Amazon says the new F.T.C. chair, Lina Khan, should recuse herself from investigations.

Amazon demanded on Wednesday that the new chair of the Federal Trade Commission, an avowed critic of the company, recuse herself from any antitrust investigation into the e-commerce giant.

The company argued in a 25-page petition to the F.T.C. that the chair, Lina Khan, could not be impartial in antitrust matters involving the company because she had been intensely critical of Amazon as a scholar and writer and because she had worked on the staff of a congressional investigation of the company.

“At a minimum, this record creates the appearance that the F.T.C., under Chair Khan’s leadership, would not be a neutral and impartial evaluator of the evidence developed in any antitrust investigation against Amazon or in deciding whether to bring enforcement actions against the company,” the company said in the filing.

Amazon said Ms. Khan should be recused from “at least all of the current antitrust investigations of Amazon of which the commission has notified Amazon.” The company is the subject of an F.T.C. inquiry, as well as investigations by state attorneys general.

A spokeswoman for the F.T.C., Lindsay Kryzak, declined to comment on the petition.

The petition shows how the major tech companies are trying to defang and discredit efforts by the Biden administration and lawmakers to regulate the industry. They have lobbied against bills that would ban some of their business practices, supported outside advocacy groups that defend their position and hired scores of lawyers to fend off investigations.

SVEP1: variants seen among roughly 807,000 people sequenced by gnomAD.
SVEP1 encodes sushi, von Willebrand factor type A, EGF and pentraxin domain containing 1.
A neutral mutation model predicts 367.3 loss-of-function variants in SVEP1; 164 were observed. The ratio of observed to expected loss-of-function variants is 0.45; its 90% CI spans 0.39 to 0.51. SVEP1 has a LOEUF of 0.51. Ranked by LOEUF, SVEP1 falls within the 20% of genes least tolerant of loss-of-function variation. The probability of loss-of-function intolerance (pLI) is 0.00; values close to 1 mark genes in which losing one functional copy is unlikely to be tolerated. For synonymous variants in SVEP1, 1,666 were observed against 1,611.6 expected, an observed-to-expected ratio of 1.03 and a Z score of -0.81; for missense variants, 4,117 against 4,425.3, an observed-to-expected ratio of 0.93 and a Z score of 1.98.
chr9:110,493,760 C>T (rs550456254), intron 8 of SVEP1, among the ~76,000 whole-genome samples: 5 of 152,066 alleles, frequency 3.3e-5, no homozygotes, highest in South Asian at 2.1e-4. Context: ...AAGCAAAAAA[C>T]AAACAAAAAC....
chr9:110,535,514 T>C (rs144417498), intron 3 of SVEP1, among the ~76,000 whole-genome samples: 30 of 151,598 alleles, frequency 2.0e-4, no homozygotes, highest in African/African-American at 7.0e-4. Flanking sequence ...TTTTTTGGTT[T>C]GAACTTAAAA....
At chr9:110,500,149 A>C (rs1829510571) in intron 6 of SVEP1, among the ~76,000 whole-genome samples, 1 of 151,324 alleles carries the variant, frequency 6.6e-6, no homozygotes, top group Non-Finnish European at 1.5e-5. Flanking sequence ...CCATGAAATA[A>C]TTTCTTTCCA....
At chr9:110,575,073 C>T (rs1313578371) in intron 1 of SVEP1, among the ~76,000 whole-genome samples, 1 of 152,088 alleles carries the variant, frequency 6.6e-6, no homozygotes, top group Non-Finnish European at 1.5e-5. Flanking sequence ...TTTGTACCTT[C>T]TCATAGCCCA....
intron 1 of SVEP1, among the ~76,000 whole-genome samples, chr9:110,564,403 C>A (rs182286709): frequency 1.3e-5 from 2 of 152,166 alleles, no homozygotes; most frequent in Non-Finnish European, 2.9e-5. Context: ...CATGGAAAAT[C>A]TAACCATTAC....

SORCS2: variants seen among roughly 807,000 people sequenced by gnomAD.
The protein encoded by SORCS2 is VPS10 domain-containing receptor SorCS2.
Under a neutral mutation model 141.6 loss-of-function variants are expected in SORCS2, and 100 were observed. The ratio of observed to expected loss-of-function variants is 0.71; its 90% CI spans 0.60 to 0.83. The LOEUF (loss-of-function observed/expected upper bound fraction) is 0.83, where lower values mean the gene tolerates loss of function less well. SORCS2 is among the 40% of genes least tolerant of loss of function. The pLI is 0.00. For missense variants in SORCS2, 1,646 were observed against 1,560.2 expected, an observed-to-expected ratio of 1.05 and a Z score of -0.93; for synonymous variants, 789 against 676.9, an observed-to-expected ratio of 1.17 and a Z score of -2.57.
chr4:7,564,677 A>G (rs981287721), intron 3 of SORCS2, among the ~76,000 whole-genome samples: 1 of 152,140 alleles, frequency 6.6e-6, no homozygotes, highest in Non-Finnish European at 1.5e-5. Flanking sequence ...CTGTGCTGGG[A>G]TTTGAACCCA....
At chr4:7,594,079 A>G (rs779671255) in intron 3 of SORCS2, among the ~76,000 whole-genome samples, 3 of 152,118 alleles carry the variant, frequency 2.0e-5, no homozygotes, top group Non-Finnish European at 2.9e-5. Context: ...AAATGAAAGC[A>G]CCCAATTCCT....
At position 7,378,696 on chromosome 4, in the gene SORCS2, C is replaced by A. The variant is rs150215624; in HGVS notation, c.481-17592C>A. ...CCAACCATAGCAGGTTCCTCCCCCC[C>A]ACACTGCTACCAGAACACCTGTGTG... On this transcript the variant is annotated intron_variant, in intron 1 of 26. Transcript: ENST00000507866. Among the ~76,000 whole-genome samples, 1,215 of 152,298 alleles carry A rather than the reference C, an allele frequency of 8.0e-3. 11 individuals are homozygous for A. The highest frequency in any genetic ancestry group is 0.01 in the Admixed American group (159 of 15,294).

President Biden named Ms. Khan chair this month after Congress approved her nomination to a seat on the commission. She has made no secret of her concerns about the country’s biggest tech companies.

She told lawmakers at her April confirmation hearing that she saw a “whole range of potential risks” around the companies and signaled that she intended to try to address those risks while at the agency.

Amazon said that if Ms. Khan played a role in antitrust investigations of Amazon, it would violate federal ethics rules and the firm’s right to due process.

The company attached a statement from Thomas D. Morgan, a George Washington University law professor emeritus, supporting its position. Mr. Morgan said Amazon had paid him to provide his opinion.

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